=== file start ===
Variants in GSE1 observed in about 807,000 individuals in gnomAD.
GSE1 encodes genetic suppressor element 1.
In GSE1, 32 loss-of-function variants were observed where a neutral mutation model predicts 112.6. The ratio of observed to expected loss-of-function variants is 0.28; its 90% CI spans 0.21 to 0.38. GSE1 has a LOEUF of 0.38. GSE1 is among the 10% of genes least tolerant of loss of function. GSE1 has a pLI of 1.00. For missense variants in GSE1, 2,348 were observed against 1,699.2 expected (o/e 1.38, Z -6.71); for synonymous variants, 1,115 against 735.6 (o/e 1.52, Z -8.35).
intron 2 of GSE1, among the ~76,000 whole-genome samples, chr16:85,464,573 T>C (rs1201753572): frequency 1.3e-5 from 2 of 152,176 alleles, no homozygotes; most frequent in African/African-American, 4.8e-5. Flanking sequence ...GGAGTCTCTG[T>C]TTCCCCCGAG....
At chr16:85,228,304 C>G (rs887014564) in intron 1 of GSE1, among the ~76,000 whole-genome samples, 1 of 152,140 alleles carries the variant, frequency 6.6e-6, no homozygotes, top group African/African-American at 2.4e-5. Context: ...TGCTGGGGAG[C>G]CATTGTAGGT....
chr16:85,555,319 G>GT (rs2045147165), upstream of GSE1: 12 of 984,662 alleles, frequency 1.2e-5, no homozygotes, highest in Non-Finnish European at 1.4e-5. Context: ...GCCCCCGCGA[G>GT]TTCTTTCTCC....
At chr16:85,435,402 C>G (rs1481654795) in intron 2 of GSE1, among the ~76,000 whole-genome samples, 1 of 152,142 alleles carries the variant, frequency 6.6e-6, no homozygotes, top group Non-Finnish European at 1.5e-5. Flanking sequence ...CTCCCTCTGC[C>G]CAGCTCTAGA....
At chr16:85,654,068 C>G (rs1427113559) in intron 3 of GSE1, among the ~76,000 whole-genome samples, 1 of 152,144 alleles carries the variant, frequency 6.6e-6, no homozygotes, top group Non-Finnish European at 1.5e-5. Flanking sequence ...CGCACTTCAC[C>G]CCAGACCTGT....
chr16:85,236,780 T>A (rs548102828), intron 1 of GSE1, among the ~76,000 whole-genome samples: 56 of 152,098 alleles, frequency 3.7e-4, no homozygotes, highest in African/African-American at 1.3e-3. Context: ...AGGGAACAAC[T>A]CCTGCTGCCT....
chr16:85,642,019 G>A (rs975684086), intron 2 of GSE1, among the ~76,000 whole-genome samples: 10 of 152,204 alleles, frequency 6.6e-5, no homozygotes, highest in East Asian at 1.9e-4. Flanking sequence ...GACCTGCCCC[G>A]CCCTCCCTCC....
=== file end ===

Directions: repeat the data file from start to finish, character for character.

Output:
Variants in GSE1 observed in about 807,000 individuals in gnomAD.
GSE1 encodes genetic suppressor element 1.
In GSE1, 32 loss-of-function variants were observed where a neutral mutation model predicts 112.6. The ratio of observed to expected loss-of-function variants is 0.28; its 90% CI spans 0.21 to 0.38. GSE1 has a LOEUF of 0.38. GSE1 is among the 10% of genes least tolerant of loss of function. GSE1 has a pLI of 1.00. For missense variants in GSE1, 2,348 were observed against 1,699.2 expected (o/e 1.38, Z -6.71); for synonymous variants, 1,115 against 735.6 (o/e 1.52, Z -8.35).
intron 2 of GSE1, among the ~76,000 whole-genome samples, chr16:85,464,573 T>C (rs1201753572): frequency 1.3e-5 from 2 of 152,176 alleles, no homozygotes; most frequent in African/African-American, 4.8e-5. Flanking sequence ...GGAGTCTCTG[T>C]TTCCCCCGAG....
At chr16:85,228,304 C>G (rs887014564) in intron 1 of GSE1, among the ~76,000 whole-genome samples, 1 of 152,140 alleles carries the variant, frequency 6.6e-6, no homozygotes, top group African/African-American at 2.4e-5. Context: ...TGCTGGGGAG[C>G]CATTGTAGGT....
chr16:85,555,319 G>GT (rs2045147165), upstream of GSE1: 12 of 984,662 alleles, frequency 1.2e-5, no homozygotes, highest in Non-Finnish European at 1.4e-5. Context: ...GCCCCCGCGA[G>GT]TTCTTTCTCC....
At chr16:85,435,402 C>G (rs1481654795) in intron 2 of GSE1, among the ~76,000 whole-genome samples, 1 of 152,142 alleles carries the variant, frequency 6.6e-6, no homozygotes, top group Non-Finnish European at 1.5e-5. Flanking sequence ...CTCCCTCTGC[C>G]CAGCTCTAGA....
At chr16:85,654,068 C>G (rs1427113559) in intron 3 of GSE1, among the ~76,000 whole-genome samples, 1 of 152,144 alleles carries the variant, frequency 6.6e-6, no homozygotes, top group Non-Finnish European at 1.5e-5. Flanking sequence ...CGCACTTCAC[C>G]CCAGACCTGT....
chr16:85,236,780 T>A (rs548102828), intron 1 of GSE1, among the ~76,000 whole-genome samples: 56 of 152,098 alleles, frequency 3.7e-4, no homozygotes, highest in African/African-American at 1.3e-3. Context: ...AGGGAACAAC[T>A]CCTGCTGCCT....
chr16:85,642,019 G>A (rs975684086), intron 2 of GSE1, among the ~76,000 whole-genome samples: 10 of 152,204 alleles, frequency 6.6e-5, no homozygotes, highest in East Asian at 1.9e-4. Flanking sequence ...GACCTGCCCC[G>A]CCCTCCCTCC....